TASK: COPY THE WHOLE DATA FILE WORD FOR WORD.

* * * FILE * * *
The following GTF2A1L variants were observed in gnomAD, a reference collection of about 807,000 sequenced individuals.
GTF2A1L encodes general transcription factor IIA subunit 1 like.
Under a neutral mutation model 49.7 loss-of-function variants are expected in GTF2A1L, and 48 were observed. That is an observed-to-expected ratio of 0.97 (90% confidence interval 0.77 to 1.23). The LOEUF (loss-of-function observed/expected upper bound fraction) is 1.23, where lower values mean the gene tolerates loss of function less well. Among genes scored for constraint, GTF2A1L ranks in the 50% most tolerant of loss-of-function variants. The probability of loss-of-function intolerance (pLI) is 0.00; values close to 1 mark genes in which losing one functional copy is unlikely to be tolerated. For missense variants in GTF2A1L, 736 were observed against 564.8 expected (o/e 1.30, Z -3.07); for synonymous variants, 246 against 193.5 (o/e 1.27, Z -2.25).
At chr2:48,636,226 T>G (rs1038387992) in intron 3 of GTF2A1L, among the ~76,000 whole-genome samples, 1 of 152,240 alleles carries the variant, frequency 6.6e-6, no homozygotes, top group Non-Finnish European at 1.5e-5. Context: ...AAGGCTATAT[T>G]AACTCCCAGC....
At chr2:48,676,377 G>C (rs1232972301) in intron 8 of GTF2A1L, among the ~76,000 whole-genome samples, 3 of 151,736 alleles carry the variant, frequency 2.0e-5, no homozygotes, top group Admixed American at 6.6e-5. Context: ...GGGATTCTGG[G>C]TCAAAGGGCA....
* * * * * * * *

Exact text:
The following GTF2A1L variants were observed in gnomAD, a reference collection of about 807,000 sequenced individuals.
GTF2A1L encodes general transcription factor IIA subunit 1 like.
Under a neutral mutation model 49.7 loss-of-function variants are expected in GTF2A1L, and 48 were observed. That is an observed-to-expected ratio of 0.97 (90% confidence interval 0.77 to 1.23). The LOEUF (loss-of-function observed/expected upper bound fraction) is 1.23, where lower values mean the gene tolerates loss of function less well. Among genes scored for constraint, GTF2A1L ranks in the 50% most tolerant of loss-of-function variants. The probability of loss-of-function intolerance (pLI) is 0.00; values close to 1 mark genes in which losing one functional copy is unlikely to be tolerated. For missense variants in GTF2A1L, 736 were observed against 564.8 expected (o/e 1.30, Z -3.07); for synonymous variants, 246 against 193.5 (o/e 1.27, Z -2.25).
At chr2:48,636,226 T>G (rs1038387992) in intron 3 of GTF2A1L, among the ~76,000 whole-genome samples, 1 of 152,240 alleles carries the variant, frequency 6.6e-6, no homozygotes, top group Non-Finnish European at 1.5e-5. Context: ...AAGGCTATAT[T>G]AACTCCCAGC....
At chr2:48,676,377 G>C (rs1232972301) in intron 8 of GTF2A1L, among the ~76,000 whole-genome samples, 3 of 151,736 alleles carry the variant, frequency 2.0e-5, no homozygotes, top group Admixed American at 6.6e-5. Context: ...GGGATTCTGG[G>C]TCAAAGGGCA....